The DOT collects all kinds of information about airlines and reports that info to the general public on a regular basis. From a statistics point of view, it’s a way to keep an eye on the airlines, look for patterns, etc. From a personal point of view, it’s an excellent way to see that airlines don’t give a crap about you or your stuff.
In May 2008, American Airlines was the first major U.S. carrier to announce they would begin charging a fee for all checked bags. Most other airlines soon followed suit, claiming pains from the 2008 recession, oil was $150 per barrel, etc.
Of course, the recession eventually ended, and oil prices went back down to a then-reasonable $50/barrel. But, of course, the checked bag fees continued because why kill off that cash cow, right? In fact, they slowly increased $5 here, $10 there, and eventually went from that $15 per bag in 2008 to anywhere from $25 to $60 for your first bag, depending on the airline, bag weight, destination, etc. Oh, and crude oil right now? About $87 per barrel. So….yeah.
Anyway, heaven bless Southwest, who STILL doesn’t charge fees for the first OR second bag.
But back to the DOT, bag fees and lost bags. Because coincidentally enough, the airline that made the most money in bag fees in all of 2021 also happens to be the airline that has lost the most bags in the first half of both 2021 and 2022. Know what airline that is? American.
In 2021, the DOT determined that U.S. airlines made almost $5.3 billion in baggage fees. Obviously, not every passenger paid baggage fees – they may have only had carry on (although some airlines even pay for overhead space), or they may have had a special credit card that allowed their baggage fees to be waived. On the other hand, some people checked and paid for more than one bag – and that second/third/fourth/etc. bag, when applicable, sometimes costs significantly more than the first one.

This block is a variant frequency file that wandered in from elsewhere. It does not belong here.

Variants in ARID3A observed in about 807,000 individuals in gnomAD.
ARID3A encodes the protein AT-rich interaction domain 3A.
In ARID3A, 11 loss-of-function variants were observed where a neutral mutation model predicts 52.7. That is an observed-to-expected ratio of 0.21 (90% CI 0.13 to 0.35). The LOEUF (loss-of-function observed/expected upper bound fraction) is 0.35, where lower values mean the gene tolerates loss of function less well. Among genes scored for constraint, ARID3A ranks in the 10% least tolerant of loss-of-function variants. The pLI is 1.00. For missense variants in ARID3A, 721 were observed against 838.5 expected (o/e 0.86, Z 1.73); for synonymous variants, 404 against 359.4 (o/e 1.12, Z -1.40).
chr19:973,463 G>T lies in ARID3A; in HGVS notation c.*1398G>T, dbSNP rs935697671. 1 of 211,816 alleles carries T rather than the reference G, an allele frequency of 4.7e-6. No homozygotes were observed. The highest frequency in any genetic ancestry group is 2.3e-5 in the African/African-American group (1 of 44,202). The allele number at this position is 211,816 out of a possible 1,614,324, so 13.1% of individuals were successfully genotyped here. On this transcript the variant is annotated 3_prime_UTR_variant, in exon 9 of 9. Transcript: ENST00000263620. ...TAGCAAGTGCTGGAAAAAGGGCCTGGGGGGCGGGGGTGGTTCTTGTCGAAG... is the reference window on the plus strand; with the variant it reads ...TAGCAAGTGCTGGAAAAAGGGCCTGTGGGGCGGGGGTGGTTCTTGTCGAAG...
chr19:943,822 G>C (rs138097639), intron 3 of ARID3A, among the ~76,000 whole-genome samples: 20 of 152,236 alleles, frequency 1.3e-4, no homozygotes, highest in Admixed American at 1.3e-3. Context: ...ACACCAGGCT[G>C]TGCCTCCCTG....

Here are the Top 5 baggage fees collected from major U.S. airlines in 20201:
1. American Airlines – $1,224,288,000 (over a BILLION dollars!)
2. Delta Air Lines – $873,070,000
3. United Airlines – $869,626,000
4. Spirit Airlines – $635,038,000
5. JetBlue – $517,202,000
Meanwhile, the DOT also keeps tabs on how many bags each airline mishandles (“mishandling” includes bags that were mutilated, or temporarily or permanently lost). Unfortunately, mishandled bags are at an all-time high this year; every U.S. airline listed in the August Air Travel Consumer Report (here’s a link to the PDF of it) has “mishandled” a higher percentage of bags between January and June 2022 than in comparison to the same period last year. But the airline that had THE MOST amount of mishandled bags during that time frame? American. And that’s for BOTH years! Here are the Top 5 for January-June 2022:
1. American Airlines – 300,590 mishandled bags
2. Southwest Airlines – 264,285
3. Delta Air Lines – 230,142
4. United Airlines – 150,173
5. Skywest Airlines – 86,530
To be fair, that’s the total number of bags mishandled. When you compare the number of mishandled bags to how many bags were enplaned, American is still #1 (32,311,510 bags enplaned = 0.93 mishandled bags per 100 enplaned bags), but they tie with Republic Airways (4,491,748, of which 300,590 were mishandled = 0.93 mishandled bag per 100 enplaned bags).
Want to compare? Here are the Top 5 for the same time frame in 2021:
1. American Airlines – 177,248 mishandled bags
2. Southwest – 138,568
3. Delta Air Lines – 69,376
4. United Airlines – 50,754
5. Skywest Airlines – 44,132
So yeah….not only did American collect the most in baggage fees, they also lost the most amount of bags. Something is definitely messed up with THAT!
Want to comment on this post? Great! Read this first to help ensure it gets approved.
Want to sponsor a post, write something for Your Mileage May Vary, or put ads on our site? Click here for more info.
Like this post? Please share it! We have plenty more just like it and would love it if you decided to hang around and sign up to get emailed notifications of when we post.
Whether you’ve read our articles before or this is the first time you’re stopping by, we’re really glad you’re here and hope you come back to visit again!
This post first appeared on Your Mileage May Vary